This entry originally appeared on my disability blog, I hate stairs.

By Matt Watson


I watched “The King’s Speech” last night with family. Everyone seemed to enjoy it. Indeed the movie has been received favorably. I think a large part of the reason for its success is that people like disabled heroes.

Think about it. Many good tales involve protagonists who have some handicap. Forrest Gump, The Secret Garden, Radio, Rain Man, Remember the Titans, Pearl Harbor (the scenes with FDR) … I’m sure you can think of a lot more.

As Blake noted, every scene in the film where King George speaks bothers you. The work of the speech therapist, Lionel Logue, reminded me of several moments I’ve had as a tutor/teacher’s assistant. Not that I’ve helped anyone with a speech impediment, but I have helped a few people with learning disabilities. You absolutely must be patient, and that goes for anyone, learning disability or no, to whom I try to teach a second language. When the king finally delivers his first great speech, all that patience required of the audience pays off. The hero overcomes his weakness. Classic.

Most good heroes are handicapped ones. I always found Superman a little boring, at least when there’s no kryptonite around to hurt him. For the past several months, I’ve been slowly reading through The Lord of the Rings trilogy, and the main hero in that story is a simple hobbit, a midget practically. He can barely defend himself against the Enemy’s minions and spies. At present in my reading, he’s almost dead because he’s too fragile to fight against monsters. The only reason he ever got this far into Mordor in the first place is because more able and strong men like Aragorn have helped him. His fragility is what makes him so interesting, though.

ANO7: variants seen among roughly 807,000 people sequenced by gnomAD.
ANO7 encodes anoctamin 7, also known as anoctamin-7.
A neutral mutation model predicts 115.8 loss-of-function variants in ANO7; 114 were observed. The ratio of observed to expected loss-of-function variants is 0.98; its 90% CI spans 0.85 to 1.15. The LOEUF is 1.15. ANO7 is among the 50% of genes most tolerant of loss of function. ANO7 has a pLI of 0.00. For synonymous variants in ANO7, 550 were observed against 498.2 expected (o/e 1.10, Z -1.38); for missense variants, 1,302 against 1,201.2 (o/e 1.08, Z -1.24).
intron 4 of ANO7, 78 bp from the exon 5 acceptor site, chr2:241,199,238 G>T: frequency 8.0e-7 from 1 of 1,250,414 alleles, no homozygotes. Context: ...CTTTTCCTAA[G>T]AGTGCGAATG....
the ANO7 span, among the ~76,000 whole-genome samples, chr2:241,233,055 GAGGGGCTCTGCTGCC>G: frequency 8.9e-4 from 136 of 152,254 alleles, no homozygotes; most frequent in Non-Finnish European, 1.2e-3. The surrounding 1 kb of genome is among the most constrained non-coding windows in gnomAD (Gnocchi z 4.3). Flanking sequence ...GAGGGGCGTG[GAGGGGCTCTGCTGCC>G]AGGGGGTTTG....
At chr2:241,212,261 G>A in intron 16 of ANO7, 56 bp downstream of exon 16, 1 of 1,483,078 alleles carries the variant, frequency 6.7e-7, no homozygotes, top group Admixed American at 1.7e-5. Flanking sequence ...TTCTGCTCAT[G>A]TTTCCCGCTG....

If you think about it, this sort of mirrors real life. That’s why people love these stories. There is no one on earth who hasn’t experienced the profound fragility that marks the human race. The more I live, the more I realize that disability, illness, cancer, psychological distress, cognitive deficiency, life-changing car wrecks, liver failure, kidney failure, diabetes, etc. are the norm for most people. If you have been lucky enough to avoid those curses, you surely know many people who have not been so fortunate.

As a result, I’ve often let myself feel depressed (not chemically, just emotionally). Movies like “The King’s Speech” help to raise me back out of that sorrow. They remind me that heroes aren’t people who can do everything. They are people who are heroes precisely because they can’t do certain things but figure out how to succeed in life anyway. They remind me not to be so anxious about my many weaknesses, but to find out what it is I can do, what I’m called to do.